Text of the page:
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Reusing and Recycling

For many of us, recycling has become a part of everyday life. Some items, like bottles, jars and cardboard packaging, have become second nature to recycle. Many councils have facilitated this and we have designated recycling bins and collection days. But have you stopped to consider what happens to our recycling once we have gotten rid of it?

Recycling Waste

After your recycling rubbish is collected, it’s taken to recycling centres, where the rubbish is separated into different materials. Unfortunately, in many countries, including the UK, we produce more waste than we can process at home. The reality is that much of our recycling (particularly plastics and around half of our paper/cardboard) is loaded onto container ships and taken to other European countries or Asia to be recycled. Anything that cannot be recycled is either burned or sent to a landfill.

The sad reality however, especially in Asia, is that they are simply unable to deal with the amount of waste being produced and sent there. Much of the waste that we assume is being recycled, is in fact ending up being burned (with dangerous and often toxic poisonous gases being released) or abandoned in illegal waste dumps, because there is simply too much of it.

So, do we have any alternatives? One way independent businesses, in particular, are trying to combat the problem is to encourage people to buy in bulk, to bring and refill their own containers and to buy fresh produce in an attempt to reduce food packaging. But what about all the other materials and the rest of our waste?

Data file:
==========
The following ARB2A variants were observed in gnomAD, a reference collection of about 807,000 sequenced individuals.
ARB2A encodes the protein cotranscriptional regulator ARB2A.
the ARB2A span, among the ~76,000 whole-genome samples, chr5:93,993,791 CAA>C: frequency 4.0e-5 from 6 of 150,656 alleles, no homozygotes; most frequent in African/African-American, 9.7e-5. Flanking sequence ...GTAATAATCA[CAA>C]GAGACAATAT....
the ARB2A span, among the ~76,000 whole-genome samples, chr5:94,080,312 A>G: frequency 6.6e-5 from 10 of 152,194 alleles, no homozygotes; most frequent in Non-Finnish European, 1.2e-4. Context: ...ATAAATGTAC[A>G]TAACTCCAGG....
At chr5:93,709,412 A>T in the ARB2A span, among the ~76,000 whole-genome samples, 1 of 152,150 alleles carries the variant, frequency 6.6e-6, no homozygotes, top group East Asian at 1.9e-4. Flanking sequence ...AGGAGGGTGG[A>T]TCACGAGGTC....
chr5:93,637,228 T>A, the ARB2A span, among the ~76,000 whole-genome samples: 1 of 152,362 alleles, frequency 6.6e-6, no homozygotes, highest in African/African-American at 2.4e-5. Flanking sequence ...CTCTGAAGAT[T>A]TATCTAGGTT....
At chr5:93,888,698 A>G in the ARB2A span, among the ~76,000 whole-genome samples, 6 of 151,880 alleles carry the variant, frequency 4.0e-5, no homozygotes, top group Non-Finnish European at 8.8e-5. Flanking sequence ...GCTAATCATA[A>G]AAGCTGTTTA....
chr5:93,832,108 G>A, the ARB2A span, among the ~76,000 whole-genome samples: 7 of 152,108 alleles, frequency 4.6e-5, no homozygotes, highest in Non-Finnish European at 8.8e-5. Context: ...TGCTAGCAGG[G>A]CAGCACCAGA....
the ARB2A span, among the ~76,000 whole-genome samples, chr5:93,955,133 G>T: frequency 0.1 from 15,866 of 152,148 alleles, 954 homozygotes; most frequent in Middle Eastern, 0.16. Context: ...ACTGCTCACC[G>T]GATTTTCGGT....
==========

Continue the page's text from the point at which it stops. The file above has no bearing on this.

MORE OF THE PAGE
TerraCycle And What They Do

We came across TerraCycle on a piece of packaging last week. TerraCycle’s biggest aim is to “Eliminate the Idea of Waste” by recycling all materials, including those that are currently considered non-recyclable. They promise that “TerraCycle will never landfill or incinerate your waste.” So, what do they do with all the waste they receive?

Where possible, TerraCycle try to reuse it for its original purposes as this helps to reduce further waste, energy and materials needed to remaking products. TerraCycle also tries upcycle materials, whereby they use the materials to create new products (e.g. creating backpacks using juice pouches). 97% of the waste they collect, however, is recycled.

To this end, they have partnered with several major companies, manufacturers and retailers (as well as smaller businesses and individuals) to create drop-off centres throughout over 20 countries in the world, where you can take your waste to be recycled. You can search for your nearest public drop-off location on their website, or even set one up yourself in your community. There are details of what happens to each type of waste, including the recycling process itself on their website.

TerraCycle also has Zero Waste Boxes available, which you can buy in various sizes, for you to recycle all types of materials and products at home. Meanwhile, ‘Loop’ is their initiative (currently only available in the US and France, but due to launch in the UK soon), whereby you are able to replenish various products as you need them, including those from large brands, and have them delivered to your door in waste-free product packaging.

By working with individuals, as well as big brands/manufacturers (who are often the biggest contributors to packaging waste), TerraCycle appear to be paving the way for more efficient and sustainable waste management.

An Invitation…

This week, we would like you to consider if there is any item of waste that you could reuse or upcycle yourself.

Do you have any regular items that you buy (e.g. handwash or cleaning products) that can be refilled rather than bought anew?

Are there any items that you can put to new uses? Can you reuse bottles as vases or create your own lampshade or wall decorations from reused materials?

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